There also wasn't very much plot to the book. Girls leave the Selection, but you don't find out enough about them to care why or be sad that they did. There is a particularly horrible girl, who is supposed to be the antagonist, but the best she could do was rip a sleeve off America's dress. There are random attacks of rebellion by some unknown outside forces (the North and South), but it was very sporadic and disconnected with the rest of the story. I think we were supposed to feel the girls were in danger (I didn't), and I'm still not really sure why that was even included, except to make the book "more dystopian". It also ended very abruptly, and it as a short book as it was. I felt like the author is saving up for the sequels, but I think a little more could've actually happened in this book, if only to make me care a bit more about what happens next.

Oddly enough, I do, though. Like those bad reality shows, I kind of want to see how it all pans out, even though everything has been utterly predictable so far. I think morbid curiosity is the best thing to describe how I feel about the book. I'm hoping Cass throws some twists and spends more time developing the characters so we can be truly invested in their inevitable departures.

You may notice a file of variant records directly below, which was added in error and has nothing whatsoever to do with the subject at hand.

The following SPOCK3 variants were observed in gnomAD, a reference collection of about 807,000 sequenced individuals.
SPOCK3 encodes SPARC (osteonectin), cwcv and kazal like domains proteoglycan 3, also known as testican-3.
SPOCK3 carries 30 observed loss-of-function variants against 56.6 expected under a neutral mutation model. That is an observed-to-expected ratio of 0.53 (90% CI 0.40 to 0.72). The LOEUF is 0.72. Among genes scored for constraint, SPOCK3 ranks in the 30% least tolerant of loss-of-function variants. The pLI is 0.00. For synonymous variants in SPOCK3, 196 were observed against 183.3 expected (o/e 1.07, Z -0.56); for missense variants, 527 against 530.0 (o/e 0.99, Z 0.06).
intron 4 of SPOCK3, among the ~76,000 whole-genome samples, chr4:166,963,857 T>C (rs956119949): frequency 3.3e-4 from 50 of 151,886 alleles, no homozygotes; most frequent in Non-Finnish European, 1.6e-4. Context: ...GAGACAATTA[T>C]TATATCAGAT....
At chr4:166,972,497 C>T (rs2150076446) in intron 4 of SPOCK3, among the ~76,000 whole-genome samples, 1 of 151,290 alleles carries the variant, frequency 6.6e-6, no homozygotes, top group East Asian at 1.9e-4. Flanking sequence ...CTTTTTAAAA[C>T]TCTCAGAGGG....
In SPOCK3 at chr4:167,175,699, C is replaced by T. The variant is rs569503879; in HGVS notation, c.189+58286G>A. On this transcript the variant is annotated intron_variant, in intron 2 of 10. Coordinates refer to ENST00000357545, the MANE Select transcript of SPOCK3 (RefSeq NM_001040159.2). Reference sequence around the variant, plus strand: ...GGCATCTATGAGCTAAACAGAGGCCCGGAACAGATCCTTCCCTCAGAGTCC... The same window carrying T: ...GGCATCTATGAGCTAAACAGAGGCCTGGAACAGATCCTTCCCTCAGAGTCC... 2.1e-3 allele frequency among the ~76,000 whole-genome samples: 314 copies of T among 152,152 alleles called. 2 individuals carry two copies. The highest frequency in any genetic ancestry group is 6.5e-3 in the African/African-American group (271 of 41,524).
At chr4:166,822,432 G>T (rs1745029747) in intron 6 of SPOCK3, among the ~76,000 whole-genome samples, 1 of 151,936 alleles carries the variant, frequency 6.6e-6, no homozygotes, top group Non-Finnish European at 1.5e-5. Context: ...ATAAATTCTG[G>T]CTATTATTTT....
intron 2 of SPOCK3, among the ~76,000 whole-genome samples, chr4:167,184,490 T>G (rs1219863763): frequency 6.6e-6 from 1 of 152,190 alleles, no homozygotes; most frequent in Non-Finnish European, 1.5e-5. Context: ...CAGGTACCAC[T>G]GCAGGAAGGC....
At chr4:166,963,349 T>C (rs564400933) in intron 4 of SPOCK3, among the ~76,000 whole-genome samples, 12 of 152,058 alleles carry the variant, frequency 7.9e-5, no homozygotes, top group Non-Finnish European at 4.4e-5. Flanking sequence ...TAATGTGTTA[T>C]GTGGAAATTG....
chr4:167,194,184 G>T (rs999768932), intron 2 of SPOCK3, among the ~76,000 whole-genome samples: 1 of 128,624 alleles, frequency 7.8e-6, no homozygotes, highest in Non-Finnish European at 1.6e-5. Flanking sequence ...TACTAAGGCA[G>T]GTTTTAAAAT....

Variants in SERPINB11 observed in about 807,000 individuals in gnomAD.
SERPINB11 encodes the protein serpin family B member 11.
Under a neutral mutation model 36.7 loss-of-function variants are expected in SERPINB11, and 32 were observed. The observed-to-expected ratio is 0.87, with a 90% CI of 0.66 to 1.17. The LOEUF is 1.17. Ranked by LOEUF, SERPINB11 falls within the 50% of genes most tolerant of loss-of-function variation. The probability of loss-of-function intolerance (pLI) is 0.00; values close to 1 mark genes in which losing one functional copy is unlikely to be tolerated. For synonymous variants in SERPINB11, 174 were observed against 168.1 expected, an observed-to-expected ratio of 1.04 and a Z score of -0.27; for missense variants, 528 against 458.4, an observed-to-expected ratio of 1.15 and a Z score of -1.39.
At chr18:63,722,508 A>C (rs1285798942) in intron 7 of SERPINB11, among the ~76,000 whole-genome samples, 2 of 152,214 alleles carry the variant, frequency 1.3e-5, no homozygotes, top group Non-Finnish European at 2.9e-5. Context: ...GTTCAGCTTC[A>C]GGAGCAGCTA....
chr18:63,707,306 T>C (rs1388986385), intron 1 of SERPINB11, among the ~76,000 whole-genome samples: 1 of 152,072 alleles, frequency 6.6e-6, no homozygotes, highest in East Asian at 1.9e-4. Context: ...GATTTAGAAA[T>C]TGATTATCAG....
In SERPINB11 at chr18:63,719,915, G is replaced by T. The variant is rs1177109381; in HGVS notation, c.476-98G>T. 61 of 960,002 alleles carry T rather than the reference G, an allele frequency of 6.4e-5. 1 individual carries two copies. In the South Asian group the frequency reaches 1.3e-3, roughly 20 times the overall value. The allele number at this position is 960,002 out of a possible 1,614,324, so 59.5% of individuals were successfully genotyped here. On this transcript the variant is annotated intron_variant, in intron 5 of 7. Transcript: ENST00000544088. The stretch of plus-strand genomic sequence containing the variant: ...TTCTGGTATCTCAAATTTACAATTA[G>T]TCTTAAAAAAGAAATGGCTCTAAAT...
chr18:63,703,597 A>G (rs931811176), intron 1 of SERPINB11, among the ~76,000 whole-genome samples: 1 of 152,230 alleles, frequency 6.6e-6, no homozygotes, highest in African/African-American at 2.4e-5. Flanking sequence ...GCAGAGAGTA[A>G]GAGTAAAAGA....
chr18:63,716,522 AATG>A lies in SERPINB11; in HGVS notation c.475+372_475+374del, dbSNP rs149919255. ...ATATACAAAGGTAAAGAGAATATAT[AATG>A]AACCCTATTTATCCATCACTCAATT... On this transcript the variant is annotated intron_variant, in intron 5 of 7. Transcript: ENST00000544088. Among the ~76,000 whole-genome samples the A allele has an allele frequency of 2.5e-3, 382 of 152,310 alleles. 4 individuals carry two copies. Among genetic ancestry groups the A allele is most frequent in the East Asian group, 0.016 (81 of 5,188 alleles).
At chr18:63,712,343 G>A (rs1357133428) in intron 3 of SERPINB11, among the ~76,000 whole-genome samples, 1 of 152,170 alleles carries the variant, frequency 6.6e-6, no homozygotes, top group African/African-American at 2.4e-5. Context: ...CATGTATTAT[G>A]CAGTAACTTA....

The Immortal Rules (Blood of Eden - Book 1)
The Immortal Rules (Blood of Eden - Book 1)
Price: 4.19

5.0 out of 5 stars Refreshing take on vampire genre, 26 Jun 2012
I have to start this off by saying that Julie Kagawa blew my expectations away. In this saturated genre, I never expected such a refreshing take on the vampire story, and I truly enjoyed this book.

The Immortal Rules takes place in a dystopian future where vampires rule over cities and humankind have been all but wiped out by the Red Lung disease. Humans have little choice--either become a marked as a registered 'pet' used for feeding, or choose to be free but have to fend for yourself. Allie Sekemoto is one of these unregistered humans, constantly living in hunger and facing the harsh realities of life in New Covington. She's tough, she's street smart and she would rather starve than take a vampire's mark.

One night when Allie wanders out of the city walls to find food, she is attacked by Rabids (zombie-like vampires who cannot control their hunger) and left for dead. A mysterious vampire comes and offers her a choice--either die or become like him. I really admire Allie's self-preservation instinct here, even though she knew she would struggle living as something she hates. It's refreshingly different from so many other heroines that want to throw themselves into danger, not appreciating the value of their lives or thinking about the consequences.

Kagawa excels as always at world-building, this time by adding her own twists to vampire and zombie lore. There is nothing romanticised in this book in the slightest. The environment is extremely harsh and it's survival of the fittest where it matters most--in the real world. Despite a few slow-moving sections in the middle, the majority of the book was paced well. There were so many plots and reveals throughout the story that I couldn't put the book down. I just had to find out more about the intriguing future they all lived in.